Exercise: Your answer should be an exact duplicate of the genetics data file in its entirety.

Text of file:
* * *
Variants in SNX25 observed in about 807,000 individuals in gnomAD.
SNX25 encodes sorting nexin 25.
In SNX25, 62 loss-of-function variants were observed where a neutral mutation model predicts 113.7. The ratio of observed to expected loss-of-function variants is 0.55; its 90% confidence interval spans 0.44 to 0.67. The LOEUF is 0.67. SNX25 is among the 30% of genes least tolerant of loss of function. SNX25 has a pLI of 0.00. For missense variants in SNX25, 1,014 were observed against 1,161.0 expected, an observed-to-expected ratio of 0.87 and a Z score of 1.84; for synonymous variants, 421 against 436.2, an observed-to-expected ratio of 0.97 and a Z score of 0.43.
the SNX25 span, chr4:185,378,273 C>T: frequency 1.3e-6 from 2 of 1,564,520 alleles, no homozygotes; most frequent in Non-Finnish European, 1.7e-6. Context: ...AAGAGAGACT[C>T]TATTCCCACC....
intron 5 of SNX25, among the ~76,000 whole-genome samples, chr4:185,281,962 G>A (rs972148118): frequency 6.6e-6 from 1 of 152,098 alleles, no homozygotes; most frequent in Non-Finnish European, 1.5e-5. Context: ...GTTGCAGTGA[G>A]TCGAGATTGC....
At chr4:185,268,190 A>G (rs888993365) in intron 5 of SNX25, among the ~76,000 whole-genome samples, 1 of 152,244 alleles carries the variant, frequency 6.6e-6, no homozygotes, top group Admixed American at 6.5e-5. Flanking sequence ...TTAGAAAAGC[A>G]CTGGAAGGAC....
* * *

Variants in SNX25 observed in about 807,000 individuals in gnomAD.
SNX25 encodes sorting nexin 25.
In SNX25, 62 loss-of-function variants were observed where a neutral mutation model predicts 113.7. The ratio of observed to expected loss-of-function variants is 0.55; its 90% confidence interval spans 0.44 to 0.67. The LOEUF is 0.67. SNX25 is among the 30% of genes least tolerant of loss of function. SNX25 has a pLI of 0.00. For missense variants in SNX25, 1,014 were observed against 1,161.0 expected, an observed-to-expected ratio of 0.87 and a Z score of 1.84; for synonymous variants, 421 against 436.2, an observed-to-expected ratio of 0.97 and a Z score of 0.43.
the SNX25 span, chr4:185,378,273 C>T: frequency 1.3e-6 from 2 of 1,564,520 alleles, no homozygotes; most frequent in Non-Finnish European, 1.7e-6. Context: ...AAGAGAGACT[C>T]TATTCCCACC....
intron 5 of SNX25, among the ~76,000 whole-genome samples, chr4:185,281,962 G>A (rs972148118): frequency 6.6e-6 from 1 of 152,098 alleles, no homozygotes; most frequent in Non-Finnish European, 1.5e-5. Context: ...GTTGCAGTGA[G>A]TCGAGATTGC....
At chr4:185,268,190 A>G (rs888993365) in intron 5 of SNX25, among the ~76,000 whole-genome samples, 1 of 152,244 alleles carries the variant, frequency 6.6e-6, no homozygotes, top group Admixed American at 6.5e-5. Flanking sequence ...TTAGAAAAGC[A>G]CTGGAAGGAC....